The Nigerian Police Force (NPF) has on the 21st of December, 2023 dismissed two members named Kareem Fatai and Jimoh Abdul-Lukman. The two special police constables were caught on camera demanding money from an international Dutch tourist while riding through in Oyo state, southwestern of the country.
The NPF Oyo command had earlier on December 8th, arrested the two constables after the video went viral. The decision, while being a right one, is a huge slap on the entire Nigerian police force; it casts a shade of disgrace on the nation, but it undeniably marks a right step in the right direction.
Nigerian police as an institution was revealed to be the most corrupt institution in Nigeria according to a survey released by the Socio-Economic Rights and Accountability Project (SERAP) in 2019 entitled “Nigeria: Corruption Perception Survey”.
According to the report, “the police were the most adversely ranked on this indicator. For every 100 police interactions reported by the respondents, there was a bribe paid in 54 interactions. The prevalence levels stood at 37% in the power sector and 18% in education,17.7% in the judiciary and 14% in the health sector.
“Fifty-one percent of the individuals who paid bribes to the police and 35 percent to the power sector believed this was the only way to access the services sought from the institutions.”
Also, sometime in July this year, the Police Service Commission (PSC) approved the dismissal of three senior police officers over cases of misconduct and abuse of office. In a similar vein, two officers attached to Adamawa State Police Command, Nigeria Northeast were tried and dismissed in August this year from service for wrongdoing.
While the above-highlighted cases with this recent one exposed the rot that had been perforated by some men of NPF, it is hoped that the institution will continue to reaffirm its commitment to individual freedom and liberty. Every citizen, whether local or international, deserves to move freely without fear of exploitation by those tasked with ensuring their safety.
Though, in alignment with the released video of the recent case, the tones used by the dismissed officers revealed no duress or usage of force, but some men of NPF usually frown against the use of cameras by Nigerians especially when issues between them are getting intense. The case might not even see the light of the day, assuming it is concerning a Nigerian lad.
The two dismissed officers were unlucky and yet, fortunately, happened to be scapegoats. This incident is not only on a deterrence level but appears to be a strong message that the role of technology in holding authorities accountable is often inevitable. We are currently in an era where information can be disseminated globally within seconds. If this couldn’t send a stern warning, then a conclusion can be reached that some adamant members of the NPF are always thinking with their anuses.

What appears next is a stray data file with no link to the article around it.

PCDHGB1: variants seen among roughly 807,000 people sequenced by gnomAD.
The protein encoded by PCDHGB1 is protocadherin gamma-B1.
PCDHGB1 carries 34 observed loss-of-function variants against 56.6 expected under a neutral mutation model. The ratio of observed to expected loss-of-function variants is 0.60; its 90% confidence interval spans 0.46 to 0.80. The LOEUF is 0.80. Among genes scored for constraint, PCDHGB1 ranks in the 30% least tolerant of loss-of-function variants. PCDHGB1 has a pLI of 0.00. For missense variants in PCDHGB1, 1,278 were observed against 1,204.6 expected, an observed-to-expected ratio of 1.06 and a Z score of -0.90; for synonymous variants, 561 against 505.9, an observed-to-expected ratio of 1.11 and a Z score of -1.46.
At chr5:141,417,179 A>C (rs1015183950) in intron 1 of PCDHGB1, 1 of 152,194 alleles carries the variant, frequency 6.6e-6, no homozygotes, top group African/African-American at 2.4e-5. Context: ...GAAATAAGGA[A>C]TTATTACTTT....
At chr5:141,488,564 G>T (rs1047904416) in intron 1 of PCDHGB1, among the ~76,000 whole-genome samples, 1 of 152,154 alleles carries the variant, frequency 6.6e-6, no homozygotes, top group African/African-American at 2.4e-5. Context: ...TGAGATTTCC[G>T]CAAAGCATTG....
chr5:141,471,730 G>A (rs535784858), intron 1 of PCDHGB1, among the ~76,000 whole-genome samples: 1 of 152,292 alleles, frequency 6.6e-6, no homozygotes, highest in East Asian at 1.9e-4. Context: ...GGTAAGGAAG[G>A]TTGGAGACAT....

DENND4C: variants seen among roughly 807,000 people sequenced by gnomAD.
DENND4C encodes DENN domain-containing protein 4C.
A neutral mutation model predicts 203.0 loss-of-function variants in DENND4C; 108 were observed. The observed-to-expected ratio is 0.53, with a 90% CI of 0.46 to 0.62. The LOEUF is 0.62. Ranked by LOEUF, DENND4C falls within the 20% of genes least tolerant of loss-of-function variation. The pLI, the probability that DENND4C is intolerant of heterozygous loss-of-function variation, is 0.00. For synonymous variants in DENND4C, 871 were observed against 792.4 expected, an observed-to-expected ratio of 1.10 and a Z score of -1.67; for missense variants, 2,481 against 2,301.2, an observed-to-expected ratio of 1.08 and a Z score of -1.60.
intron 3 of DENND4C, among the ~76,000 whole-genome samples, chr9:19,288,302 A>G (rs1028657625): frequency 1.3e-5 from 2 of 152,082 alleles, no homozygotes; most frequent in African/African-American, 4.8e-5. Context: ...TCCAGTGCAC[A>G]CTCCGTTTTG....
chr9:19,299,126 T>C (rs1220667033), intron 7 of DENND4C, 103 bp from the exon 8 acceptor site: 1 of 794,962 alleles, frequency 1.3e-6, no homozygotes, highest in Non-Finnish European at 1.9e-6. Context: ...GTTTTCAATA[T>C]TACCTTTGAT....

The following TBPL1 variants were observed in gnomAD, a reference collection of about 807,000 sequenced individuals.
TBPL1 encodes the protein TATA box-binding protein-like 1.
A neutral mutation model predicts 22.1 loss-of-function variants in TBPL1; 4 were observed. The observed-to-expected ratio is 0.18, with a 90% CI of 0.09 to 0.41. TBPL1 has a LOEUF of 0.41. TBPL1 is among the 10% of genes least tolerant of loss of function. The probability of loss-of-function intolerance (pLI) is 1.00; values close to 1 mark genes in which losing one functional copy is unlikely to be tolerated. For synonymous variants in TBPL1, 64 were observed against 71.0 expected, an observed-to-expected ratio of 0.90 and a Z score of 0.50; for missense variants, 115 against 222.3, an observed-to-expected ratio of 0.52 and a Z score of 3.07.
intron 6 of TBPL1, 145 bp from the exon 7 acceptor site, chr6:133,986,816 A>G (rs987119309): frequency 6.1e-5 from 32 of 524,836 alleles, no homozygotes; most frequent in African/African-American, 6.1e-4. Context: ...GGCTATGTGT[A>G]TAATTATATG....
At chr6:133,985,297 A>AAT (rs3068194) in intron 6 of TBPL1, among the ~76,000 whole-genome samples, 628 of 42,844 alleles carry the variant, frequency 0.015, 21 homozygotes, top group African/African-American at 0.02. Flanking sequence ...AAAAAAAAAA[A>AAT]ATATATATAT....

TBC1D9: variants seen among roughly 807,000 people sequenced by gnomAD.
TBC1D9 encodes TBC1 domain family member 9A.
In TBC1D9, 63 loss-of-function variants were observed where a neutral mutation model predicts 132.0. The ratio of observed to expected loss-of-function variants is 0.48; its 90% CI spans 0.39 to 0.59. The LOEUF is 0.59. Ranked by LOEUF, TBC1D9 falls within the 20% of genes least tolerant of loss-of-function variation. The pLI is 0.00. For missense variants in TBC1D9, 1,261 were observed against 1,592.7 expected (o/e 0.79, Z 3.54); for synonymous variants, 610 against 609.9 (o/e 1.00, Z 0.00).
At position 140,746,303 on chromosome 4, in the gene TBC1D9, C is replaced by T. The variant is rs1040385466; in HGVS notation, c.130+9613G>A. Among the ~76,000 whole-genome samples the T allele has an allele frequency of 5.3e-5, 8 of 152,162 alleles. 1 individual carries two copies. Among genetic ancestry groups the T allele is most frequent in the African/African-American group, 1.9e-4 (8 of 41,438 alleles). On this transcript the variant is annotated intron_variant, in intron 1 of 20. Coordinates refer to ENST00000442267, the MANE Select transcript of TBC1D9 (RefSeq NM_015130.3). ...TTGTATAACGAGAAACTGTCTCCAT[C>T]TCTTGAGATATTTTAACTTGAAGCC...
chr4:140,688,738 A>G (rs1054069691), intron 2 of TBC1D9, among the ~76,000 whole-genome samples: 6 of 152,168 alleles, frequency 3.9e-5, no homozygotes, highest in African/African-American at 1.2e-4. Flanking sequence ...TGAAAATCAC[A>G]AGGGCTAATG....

The members of NPF should stick to their mantra known as “Police is Your Friend”. They should always take the liberty of people into consideration while performing their duty. The public trusts the police, but ironically, some men of NPF often violate the trust. The NPF should understand that when those entrusted with maintaining order violate this trust, it not only deteriorates the fabric of a just society but also sabotages the very essence of democracy.
Mistrust is a key major challenge facing the Police, and this is due to prevalent corruption. Men of NPF often resort to bribery and extortion in its operations. There is no need for a surprise sometimes if crimes go unreported: it only tells that the institution is more interested in making money than in protecting the masses.
The government can not be left out of this saga. The federal government should keep trying its best in investing in policing. The welfare of “an average police operative is taken for granted by the same system that engaged their services. This may explain why they tend to vent their frustrations on members of the public”, and most times, resort to extortion. There is a need for the federal government to increase funding for the men of the police force to keep them on morale and morally upright.
In conclusion, while the swift action taken by NPF Oyo state command is commendable, it is hoped that all other commands across the federation, in case of subsequent cases of misconduct within the police force, are met with swift and transparent consequences. It will further preserve and strengthen the liberties of the people.
(This piece was also republished by Sahara Reporters)
Hammed J. Sulaiman is a product of law, a social activist, and a multimedia freelance journalist with footprints in academics and administration. He currently heads the Editorial Team at The Liberalist. He can be reached: email@example.com